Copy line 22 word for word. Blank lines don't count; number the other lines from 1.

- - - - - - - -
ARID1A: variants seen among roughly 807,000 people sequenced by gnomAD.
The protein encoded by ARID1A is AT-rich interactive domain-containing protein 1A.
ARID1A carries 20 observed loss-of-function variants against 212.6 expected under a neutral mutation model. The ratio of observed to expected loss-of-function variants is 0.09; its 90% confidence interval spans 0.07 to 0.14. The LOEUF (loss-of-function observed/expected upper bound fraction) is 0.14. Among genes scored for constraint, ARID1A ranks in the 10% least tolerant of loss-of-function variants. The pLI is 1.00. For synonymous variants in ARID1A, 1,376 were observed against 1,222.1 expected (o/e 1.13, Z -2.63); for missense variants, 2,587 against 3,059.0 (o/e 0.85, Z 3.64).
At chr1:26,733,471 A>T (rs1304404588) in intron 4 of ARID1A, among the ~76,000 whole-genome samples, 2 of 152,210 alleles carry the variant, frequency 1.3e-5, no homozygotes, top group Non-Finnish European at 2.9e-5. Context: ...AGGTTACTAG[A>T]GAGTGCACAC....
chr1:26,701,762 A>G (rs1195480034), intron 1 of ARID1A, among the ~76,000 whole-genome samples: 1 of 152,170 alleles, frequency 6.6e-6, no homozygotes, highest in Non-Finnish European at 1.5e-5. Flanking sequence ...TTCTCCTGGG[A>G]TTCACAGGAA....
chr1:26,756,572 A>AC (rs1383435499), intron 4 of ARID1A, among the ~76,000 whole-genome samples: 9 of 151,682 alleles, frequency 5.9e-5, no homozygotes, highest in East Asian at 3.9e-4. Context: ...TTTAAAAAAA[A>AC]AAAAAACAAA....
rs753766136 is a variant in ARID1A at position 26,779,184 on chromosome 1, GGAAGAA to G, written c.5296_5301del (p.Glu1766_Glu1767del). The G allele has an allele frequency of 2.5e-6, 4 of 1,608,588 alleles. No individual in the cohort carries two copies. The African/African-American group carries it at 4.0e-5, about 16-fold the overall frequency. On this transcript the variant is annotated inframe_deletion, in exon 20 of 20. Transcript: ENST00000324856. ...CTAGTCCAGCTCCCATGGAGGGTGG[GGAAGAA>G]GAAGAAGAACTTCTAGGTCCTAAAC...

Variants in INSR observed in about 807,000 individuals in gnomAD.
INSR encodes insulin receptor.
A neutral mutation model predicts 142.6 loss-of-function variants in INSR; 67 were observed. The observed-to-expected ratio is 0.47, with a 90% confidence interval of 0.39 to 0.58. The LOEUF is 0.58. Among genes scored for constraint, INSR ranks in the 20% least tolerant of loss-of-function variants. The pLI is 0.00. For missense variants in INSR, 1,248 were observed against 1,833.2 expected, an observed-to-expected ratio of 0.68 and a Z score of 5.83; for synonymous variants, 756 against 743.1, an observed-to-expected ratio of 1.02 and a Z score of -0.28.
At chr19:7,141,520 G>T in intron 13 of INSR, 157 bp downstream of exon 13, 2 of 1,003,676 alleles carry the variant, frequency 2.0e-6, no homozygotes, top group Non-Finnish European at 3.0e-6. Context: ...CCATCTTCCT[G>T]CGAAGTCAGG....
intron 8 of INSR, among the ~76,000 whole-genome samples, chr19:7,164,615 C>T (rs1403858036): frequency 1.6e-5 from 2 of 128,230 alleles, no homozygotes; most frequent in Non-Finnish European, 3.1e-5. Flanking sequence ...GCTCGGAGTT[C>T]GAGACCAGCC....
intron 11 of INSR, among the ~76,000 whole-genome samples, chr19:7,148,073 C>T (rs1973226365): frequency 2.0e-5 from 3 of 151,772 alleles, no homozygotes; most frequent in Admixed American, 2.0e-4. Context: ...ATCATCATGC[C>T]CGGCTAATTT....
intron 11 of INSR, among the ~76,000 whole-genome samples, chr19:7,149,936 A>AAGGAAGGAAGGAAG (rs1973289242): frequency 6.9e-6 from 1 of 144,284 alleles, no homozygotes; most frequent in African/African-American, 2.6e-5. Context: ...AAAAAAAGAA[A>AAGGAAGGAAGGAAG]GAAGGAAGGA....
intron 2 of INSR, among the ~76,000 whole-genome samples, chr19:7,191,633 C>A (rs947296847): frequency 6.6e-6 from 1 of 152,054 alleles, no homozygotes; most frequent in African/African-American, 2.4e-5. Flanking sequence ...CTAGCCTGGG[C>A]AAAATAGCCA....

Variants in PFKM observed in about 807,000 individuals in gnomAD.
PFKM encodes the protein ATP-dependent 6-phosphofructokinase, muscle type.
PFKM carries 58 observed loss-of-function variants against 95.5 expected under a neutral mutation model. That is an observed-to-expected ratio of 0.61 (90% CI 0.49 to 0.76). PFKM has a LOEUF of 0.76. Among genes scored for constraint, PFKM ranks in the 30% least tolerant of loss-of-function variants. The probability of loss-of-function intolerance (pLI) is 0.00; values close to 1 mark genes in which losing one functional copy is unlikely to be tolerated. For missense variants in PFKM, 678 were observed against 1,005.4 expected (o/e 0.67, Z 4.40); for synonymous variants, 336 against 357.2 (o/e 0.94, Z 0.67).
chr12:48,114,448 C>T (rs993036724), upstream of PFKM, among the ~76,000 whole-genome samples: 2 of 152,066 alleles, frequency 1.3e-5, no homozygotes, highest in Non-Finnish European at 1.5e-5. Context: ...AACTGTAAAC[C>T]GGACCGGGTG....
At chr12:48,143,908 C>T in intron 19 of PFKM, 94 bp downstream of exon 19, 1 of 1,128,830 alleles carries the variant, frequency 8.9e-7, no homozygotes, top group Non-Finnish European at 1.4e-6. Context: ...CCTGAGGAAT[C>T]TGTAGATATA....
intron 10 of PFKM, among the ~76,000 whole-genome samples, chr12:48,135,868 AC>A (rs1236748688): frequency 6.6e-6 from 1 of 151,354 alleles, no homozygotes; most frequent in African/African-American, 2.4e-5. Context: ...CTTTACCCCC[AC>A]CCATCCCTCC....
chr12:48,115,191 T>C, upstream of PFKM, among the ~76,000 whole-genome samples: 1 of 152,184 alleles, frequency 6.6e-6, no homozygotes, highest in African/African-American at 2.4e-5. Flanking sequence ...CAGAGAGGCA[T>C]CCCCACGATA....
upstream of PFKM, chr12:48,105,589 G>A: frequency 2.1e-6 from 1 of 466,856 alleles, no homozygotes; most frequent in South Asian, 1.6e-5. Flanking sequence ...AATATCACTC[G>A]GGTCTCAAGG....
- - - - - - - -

chr12:48,115,191 T>C, upstream of PFKM, among the ~76,000 whole-genome samples: 1 of 152,184 alleles, frequency 6.6e-6, no homozygotes, highest in African/African-American at 2.4e-5. Flanking sequence ...CAGAGAGGCA[T>C]CCCCACGATA....